Beat Constipation with Pelvic PT: 13 Strategies for Quick Relief and a Happy Gut

About 16% of adults have symptoms of constipation and that increases to 33% of adults, age 60 and above, but pelvic PT can help! (1)


Understanding and Managing Constipation


Constipation is defined as:

  • Going less than 3x/week
  • Difficult passing stool or incomplete bowel movements
  • Hard and dry stools (Does the term rabbit poop come to mind?)
  • Painful bowel movements

Constipation can be a frustrating and painful condition and can be caused by many different factors including:

  • Medical conditions (common ones include hypothyroidism, diabetes, IBS)
  • Food allergies and sensitivities
  • Poor diet and/or dehydration
  • Medication side effects
  • Nerve or muscle injuries
  • Stress or trauma
  • Lack of exercise or mobility
  • Post surgical complications

13 Strategies to Beat Constipation from a Pelvic PT

1. Pelvic PT! Constipation can be caused by an overactive or dyssynergic (uncoordinated) pelvic floor. Your pelvic PT can help you figure out if this is part of your problem and also guide you in the following suggestions, telling you which ones would be appropriate for you to try.

2. Drink enough water. Try drinking half of your body weight in ounces of water per day. Example: weight 140 lbs, drink 70 oz of water.

3.  Eat enough fiber. You can simply do a google search for “high fiber foods” but the most popular ones include oats, leafy green veggies, dried fruits, beans.

4. Move more. Exercising, especially in the form of a walk after a meal, can kickstart peristalsis in the gut and get things moving.

5. Get more sunshine. Your GI tract is closely linked with your circadian rhythms – You know those people that poop like clockwork every morning at 9am? Getting 5-20 minutes of sunlight into your eyes within 1 hour of waking will help your bowels AND your sleep. Combine this with a morning walk and you have a double whammy!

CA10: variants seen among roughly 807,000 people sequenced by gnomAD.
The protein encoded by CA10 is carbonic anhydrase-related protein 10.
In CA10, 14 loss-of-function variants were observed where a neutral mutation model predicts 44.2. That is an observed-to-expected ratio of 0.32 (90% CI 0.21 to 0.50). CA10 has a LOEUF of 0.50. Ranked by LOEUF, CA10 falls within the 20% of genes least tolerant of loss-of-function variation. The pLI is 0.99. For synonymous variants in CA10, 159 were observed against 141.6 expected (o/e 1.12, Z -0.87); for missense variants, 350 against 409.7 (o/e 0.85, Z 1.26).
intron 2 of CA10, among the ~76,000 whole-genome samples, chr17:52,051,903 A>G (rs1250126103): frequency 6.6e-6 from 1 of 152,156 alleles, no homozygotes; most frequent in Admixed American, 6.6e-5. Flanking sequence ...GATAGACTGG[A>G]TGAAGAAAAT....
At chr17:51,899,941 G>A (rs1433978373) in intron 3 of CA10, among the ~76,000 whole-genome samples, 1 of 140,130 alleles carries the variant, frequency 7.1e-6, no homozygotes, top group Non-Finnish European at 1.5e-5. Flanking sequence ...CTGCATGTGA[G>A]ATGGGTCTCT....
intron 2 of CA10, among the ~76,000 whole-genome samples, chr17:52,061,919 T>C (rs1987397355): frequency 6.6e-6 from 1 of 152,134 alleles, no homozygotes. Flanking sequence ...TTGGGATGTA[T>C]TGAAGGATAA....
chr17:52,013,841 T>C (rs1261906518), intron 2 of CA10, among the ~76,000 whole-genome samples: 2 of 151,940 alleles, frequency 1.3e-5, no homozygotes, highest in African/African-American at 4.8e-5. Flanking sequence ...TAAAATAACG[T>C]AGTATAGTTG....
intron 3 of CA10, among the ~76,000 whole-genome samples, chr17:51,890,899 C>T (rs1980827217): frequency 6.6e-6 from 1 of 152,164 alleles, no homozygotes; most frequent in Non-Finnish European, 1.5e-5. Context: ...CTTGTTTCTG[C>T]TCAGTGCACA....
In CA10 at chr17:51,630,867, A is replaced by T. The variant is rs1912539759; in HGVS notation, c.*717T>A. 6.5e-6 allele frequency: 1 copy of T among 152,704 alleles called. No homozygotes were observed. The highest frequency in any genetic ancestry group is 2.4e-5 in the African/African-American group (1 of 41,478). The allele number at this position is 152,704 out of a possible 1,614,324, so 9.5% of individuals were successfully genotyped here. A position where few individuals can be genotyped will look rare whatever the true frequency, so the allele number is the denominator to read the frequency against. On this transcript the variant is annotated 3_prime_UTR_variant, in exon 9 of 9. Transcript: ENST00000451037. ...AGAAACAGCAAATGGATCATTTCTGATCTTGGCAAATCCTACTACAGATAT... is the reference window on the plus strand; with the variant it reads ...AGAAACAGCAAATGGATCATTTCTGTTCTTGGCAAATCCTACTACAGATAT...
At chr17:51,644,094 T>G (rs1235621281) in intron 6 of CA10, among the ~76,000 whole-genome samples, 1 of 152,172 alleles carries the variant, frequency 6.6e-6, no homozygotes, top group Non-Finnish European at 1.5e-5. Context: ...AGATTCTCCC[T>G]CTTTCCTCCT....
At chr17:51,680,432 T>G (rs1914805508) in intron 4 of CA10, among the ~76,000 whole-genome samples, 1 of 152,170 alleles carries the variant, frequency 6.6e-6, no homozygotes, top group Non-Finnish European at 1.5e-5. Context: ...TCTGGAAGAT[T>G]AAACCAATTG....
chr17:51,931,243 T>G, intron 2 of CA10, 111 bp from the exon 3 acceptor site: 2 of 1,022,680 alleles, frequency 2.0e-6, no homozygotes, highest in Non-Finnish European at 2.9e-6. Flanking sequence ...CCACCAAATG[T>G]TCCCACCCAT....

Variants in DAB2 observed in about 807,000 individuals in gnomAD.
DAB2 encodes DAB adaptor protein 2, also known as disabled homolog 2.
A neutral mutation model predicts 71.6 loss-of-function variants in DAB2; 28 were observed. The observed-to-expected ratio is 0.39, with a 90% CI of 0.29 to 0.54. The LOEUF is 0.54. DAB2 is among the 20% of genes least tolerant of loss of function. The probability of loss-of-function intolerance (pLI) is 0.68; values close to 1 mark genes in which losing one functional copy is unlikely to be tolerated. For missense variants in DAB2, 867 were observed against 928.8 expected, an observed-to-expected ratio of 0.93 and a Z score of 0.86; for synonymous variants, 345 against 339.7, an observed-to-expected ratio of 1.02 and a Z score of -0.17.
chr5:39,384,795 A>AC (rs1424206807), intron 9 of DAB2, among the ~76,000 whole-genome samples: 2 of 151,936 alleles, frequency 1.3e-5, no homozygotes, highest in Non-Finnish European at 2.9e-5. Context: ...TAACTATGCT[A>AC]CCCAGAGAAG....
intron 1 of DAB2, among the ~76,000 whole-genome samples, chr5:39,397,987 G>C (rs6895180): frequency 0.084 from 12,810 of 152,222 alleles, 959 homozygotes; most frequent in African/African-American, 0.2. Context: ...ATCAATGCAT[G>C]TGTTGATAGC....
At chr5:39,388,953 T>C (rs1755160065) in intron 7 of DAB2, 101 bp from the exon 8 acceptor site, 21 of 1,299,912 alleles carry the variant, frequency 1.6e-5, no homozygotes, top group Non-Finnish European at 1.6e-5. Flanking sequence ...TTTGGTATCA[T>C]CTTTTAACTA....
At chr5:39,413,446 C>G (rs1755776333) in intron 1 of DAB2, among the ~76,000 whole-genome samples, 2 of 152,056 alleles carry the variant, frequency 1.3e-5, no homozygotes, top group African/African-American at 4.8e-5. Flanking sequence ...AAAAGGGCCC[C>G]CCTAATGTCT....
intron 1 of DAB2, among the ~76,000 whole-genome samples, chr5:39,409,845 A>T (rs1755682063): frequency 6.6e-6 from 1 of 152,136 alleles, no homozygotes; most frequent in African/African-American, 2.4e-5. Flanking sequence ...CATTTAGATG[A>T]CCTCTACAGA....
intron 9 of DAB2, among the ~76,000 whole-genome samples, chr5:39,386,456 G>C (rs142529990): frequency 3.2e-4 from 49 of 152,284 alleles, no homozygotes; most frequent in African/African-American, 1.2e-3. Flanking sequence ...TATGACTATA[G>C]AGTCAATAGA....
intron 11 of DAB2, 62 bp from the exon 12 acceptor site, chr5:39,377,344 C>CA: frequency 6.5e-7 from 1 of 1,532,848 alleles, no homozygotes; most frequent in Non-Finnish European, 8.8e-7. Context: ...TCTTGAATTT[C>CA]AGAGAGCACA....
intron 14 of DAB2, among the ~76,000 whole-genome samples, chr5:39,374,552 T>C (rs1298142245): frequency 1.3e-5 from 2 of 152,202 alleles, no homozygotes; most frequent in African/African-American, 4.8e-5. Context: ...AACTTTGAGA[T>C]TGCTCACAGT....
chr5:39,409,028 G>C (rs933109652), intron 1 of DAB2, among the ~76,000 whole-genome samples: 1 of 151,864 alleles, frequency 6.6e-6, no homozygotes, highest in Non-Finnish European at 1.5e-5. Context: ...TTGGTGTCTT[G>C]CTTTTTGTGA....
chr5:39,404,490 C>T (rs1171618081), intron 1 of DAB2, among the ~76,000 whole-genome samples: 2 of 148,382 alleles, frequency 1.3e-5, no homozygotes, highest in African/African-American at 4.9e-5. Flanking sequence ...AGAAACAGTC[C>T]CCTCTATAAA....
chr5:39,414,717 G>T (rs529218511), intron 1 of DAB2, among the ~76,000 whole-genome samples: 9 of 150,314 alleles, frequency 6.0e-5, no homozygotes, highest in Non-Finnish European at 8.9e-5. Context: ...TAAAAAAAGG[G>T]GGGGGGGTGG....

6.  Try a good quality pro- or pre-biotic. Everyone reacts differently to these, start with a cheap one and work your way up if they are not effective. Instead of taking a pill, you can also try eating kefir or drinking low sugar kombucha. (Careful with this if you have been diagnosed with SIBO)

7. Try Psyllium Husk. This is a soluble fiber that absorbs water and sweeps things down the digestive tract. You can eat it straight (start with 1 tsp) or you can mix it in yogurt, oatmeal, baked goods, or smoothies.

8. Eat (or supplement) enough magnesium. Magnesium citrate powder (Natural calm brand, original flavor) at night mixed in tea is a nice way to bump up your intake. Food sources: almonds, chia seeds, spinach, avocados, bananas, oats.

9. Make sure your other micronutrients are in check – these are the vitamins and minerals. Big ones for constipation are magnesium, potassium, B1 (thiamine). You can take a multivitamin or search for foods that meet the RDA for each of these.

10. Try abdominal massage and deep breathing. Tapping into your parasympathetic nervous system helps us to rest and digest. Deep breathing massages the vagus nerve and our intestines, while increasing a sense of relaxation. Massage is a nice way to slow down and give some tactile love to our tummies.

11. Check your stress levels. Stress can wreak havoc on the gut, either in the form of constipation or diarrhea. Talk to your providers about ways to manage stress so that it is less likely to affect your physical health.

12. Do a food journal and track your BMs. Sometimes it’s as simple as one food is stopping you up. Too much cheese? You won’t know until you track your food and your bowel results. Your provider can help you interpret the journal.

13. Visualization and meditation. Visualizing healthy bowels through meditation or affirmations can be the missing link with constipation that hasn’t responded to the other suggestions. Speaking positively about your body and being encouraging can make all the difference.  Ask your provider about this and they can help guide you.

Check out the Bristol Stool Chart. How do your poops measure up? If they aren’t ideal, consider giving us a call and trying out pelvic physical therapy.
Stephanie Hope Pelvic PT
Dr Stephanie Hope Pelvic PT

This blog was written by Dr Stephanie Hope. Stephanie earned a Bachelors of Science Degree in Psychology from The University of Georgia and then later went on to graduate with her Doctorate of Physical Therapy from The University of North Georgia. She is originally from the southeast, born in South Carolina but raised most of her life in Georgia. Stephanie specializes in pelvic floor dysfunction and this has become her passion within the PT profession. She treats a wide range of women’s and men’s health issues, including incontinence, pelvic pain, and pelvic post-op complications. She is also experienced in treating musculoskeletal and orthopedic conditions and is certified in dry needling.

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